The FX locus encodes an essential enzyme in the de novo pathway of GDP-fucose biosynthesis. Mice homozygous for a targeted mutation of the FX gene manifest a host of pleiotropic abnormalities including a lethal phenotype that is almost completely penetrant in heterozygous intercrosses on a mixed genetic background. Here we have investigated genetic suppression of FX-mediated lethality. Reduced recovery of heterozygous mice was observed while backcrossing the null FX allele to C57BL/6J (B6), but was less dramatic in an outcross to CASA/Rk and absent in an outcross to 129S1/SvImJ, indicating that genetic background modifies survival of FX+/- progeny. Substantial strain-specific differences in pre- and postnatal survival of FX-/- progeny were also detected in heterozygous crosses of C57BL/6J congenic, 129S1B6F1, and B6CASAF1 mice. Specifically, intrauterine survival of FX-/- mice was greatly increased during a heterozygous intercross on a uniform C57BL/6J genetic background compared with survival on a hybrid genetic background consisting of a mixture of C57BL/6J and 129S2/SvPas. In addition, statistically significant clustering of FX-/- progeny into litters and specific breeding cages was noted during a B6CASAF1 FX+/- intercross, suggesting a rare mechanism for modifier gene action in which parentally expressed genes define the phenotype, in this case the survival potential, of mutant offspring. Our results disclose that lethality in FX mutant mice is determined by one or more strain-specific modifier loci.
PloS One. 2011 | Pubmed ID: 21961046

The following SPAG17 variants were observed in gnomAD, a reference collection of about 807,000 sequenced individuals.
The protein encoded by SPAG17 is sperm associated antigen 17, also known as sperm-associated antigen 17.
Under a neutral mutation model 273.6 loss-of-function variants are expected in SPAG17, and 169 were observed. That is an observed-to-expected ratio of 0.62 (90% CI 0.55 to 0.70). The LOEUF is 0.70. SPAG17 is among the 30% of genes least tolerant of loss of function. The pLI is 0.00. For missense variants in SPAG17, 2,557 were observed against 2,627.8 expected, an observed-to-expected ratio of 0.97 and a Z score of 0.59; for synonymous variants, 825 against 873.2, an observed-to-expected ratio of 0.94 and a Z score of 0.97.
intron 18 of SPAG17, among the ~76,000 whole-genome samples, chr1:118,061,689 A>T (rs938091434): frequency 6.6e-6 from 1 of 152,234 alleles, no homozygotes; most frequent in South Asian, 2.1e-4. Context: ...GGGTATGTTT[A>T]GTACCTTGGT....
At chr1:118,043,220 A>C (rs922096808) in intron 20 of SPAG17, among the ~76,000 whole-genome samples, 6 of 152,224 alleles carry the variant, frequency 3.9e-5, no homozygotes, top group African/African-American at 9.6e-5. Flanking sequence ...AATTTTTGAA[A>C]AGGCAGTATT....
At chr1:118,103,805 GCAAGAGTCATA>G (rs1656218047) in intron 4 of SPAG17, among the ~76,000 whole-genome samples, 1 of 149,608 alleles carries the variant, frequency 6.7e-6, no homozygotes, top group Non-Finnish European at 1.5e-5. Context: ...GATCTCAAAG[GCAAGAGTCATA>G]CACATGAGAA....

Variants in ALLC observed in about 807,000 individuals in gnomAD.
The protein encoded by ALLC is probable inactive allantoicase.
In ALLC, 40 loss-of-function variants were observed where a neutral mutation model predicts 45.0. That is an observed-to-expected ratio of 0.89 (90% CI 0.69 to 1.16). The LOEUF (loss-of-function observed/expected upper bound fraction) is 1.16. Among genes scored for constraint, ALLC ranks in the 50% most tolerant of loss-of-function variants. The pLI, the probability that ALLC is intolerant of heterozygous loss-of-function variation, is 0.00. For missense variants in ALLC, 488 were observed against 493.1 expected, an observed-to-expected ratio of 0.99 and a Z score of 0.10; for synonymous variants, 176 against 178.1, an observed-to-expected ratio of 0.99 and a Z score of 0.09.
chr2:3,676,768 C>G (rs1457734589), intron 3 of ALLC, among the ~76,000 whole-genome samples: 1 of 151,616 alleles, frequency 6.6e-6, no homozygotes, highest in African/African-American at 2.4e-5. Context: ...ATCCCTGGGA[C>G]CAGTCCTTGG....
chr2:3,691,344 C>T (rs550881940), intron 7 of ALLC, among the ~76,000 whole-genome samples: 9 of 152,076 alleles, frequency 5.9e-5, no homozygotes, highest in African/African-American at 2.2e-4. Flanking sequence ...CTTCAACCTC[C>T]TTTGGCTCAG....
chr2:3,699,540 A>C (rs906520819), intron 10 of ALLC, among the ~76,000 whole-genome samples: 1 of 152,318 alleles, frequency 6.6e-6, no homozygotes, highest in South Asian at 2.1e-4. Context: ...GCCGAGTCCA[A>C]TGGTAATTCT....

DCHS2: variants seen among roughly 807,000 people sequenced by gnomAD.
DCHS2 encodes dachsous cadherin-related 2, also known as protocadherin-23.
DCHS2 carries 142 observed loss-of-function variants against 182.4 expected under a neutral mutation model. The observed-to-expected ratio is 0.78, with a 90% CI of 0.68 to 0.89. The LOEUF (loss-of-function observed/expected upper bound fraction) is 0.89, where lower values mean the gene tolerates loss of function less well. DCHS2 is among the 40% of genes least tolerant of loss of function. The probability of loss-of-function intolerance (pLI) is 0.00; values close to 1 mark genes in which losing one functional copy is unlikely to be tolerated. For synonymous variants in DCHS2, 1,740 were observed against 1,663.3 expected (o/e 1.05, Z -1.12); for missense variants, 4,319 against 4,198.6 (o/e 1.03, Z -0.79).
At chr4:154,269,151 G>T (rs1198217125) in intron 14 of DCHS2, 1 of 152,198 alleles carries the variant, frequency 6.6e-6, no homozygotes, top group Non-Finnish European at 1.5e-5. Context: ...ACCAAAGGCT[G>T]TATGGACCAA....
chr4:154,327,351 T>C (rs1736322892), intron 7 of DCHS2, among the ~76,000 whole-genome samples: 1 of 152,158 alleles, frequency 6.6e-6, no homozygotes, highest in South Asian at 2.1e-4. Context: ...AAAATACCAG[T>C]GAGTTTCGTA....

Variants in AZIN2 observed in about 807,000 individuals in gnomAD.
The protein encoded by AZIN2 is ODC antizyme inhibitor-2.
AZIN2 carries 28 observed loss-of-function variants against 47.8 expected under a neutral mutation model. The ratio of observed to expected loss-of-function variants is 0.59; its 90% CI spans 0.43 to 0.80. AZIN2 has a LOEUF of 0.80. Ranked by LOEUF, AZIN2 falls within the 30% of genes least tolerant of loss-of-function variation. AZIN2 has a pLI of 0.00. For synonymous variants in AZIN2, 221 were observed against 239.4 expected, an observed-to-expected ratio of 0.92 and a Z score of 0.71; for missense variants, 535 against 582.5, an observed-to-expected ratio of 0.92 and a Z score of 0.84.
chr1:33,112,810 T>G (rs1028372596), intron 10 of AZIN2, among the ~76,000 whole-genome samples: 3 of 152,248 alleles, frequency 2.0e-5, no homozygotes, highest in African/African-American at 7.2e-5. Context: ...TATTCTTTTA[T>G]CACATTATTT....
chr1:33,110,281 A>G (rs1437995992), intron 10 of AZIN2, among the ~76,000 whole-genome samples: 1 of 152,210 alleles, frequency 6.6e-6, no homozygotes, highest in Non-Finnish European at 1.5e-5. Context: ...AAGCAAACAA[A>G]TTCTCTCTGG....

High-grade gliomas (World Health Organization grade III anaplastic astrocytoma and grade IV glioblastoma multiforme), the most prevalent primary malignant brain tumors, display a cellular hierarchy with self-renewing, tumorigenic cancer stem cells (CSCs) at the apex. While the CSC hypothesis has been an attractive model to describe many aspects of tumor behavior, it remains controversial due to unresolved issues including the use of ex vivo analyses with differential growth conditions. A CSC population has been confirmed in malignant gliomas by preferential tumor formation from cells directly isolated from patient biopsy specimens. However, direct comparison of multiple tumor cell populations with analysis of the resulting phenotypes of each population within a representative tumor environment has not been clearly described. To directly test the relative tumorigenic potential of CSCs and non-stem tumor cells in the same microenvironment, we interrogated matched tumor populations purified from a primary human tumor transplanted into a xenograft mouse model and monitored competitive in vivo tumor growth studies using serial in vivo intravital microscopy. While CSCs were a small minority of the initial transplanted cancer cell population, the CSCs, not the non-stem tumor cells, drove tumor formation and yielded tumors displaying a cellular hierarchy. In the resulting tumors, a fraction of the initial transplanted CSCs maintained expression of stem cell and proliferation markers, which were significantly higher compared to the non-stem tumor cell population and demonstrated that CSCs generated cellular heterogeneity within the tumor. These head-to-head comparisons between matched CSCs and non-stem tumor cells provide the first functional evidence using live imaging that in the same microenvironment, CSCs more than non-stem tumor cells are responsible for tumor propagation, confirming the functional definition of a CSC.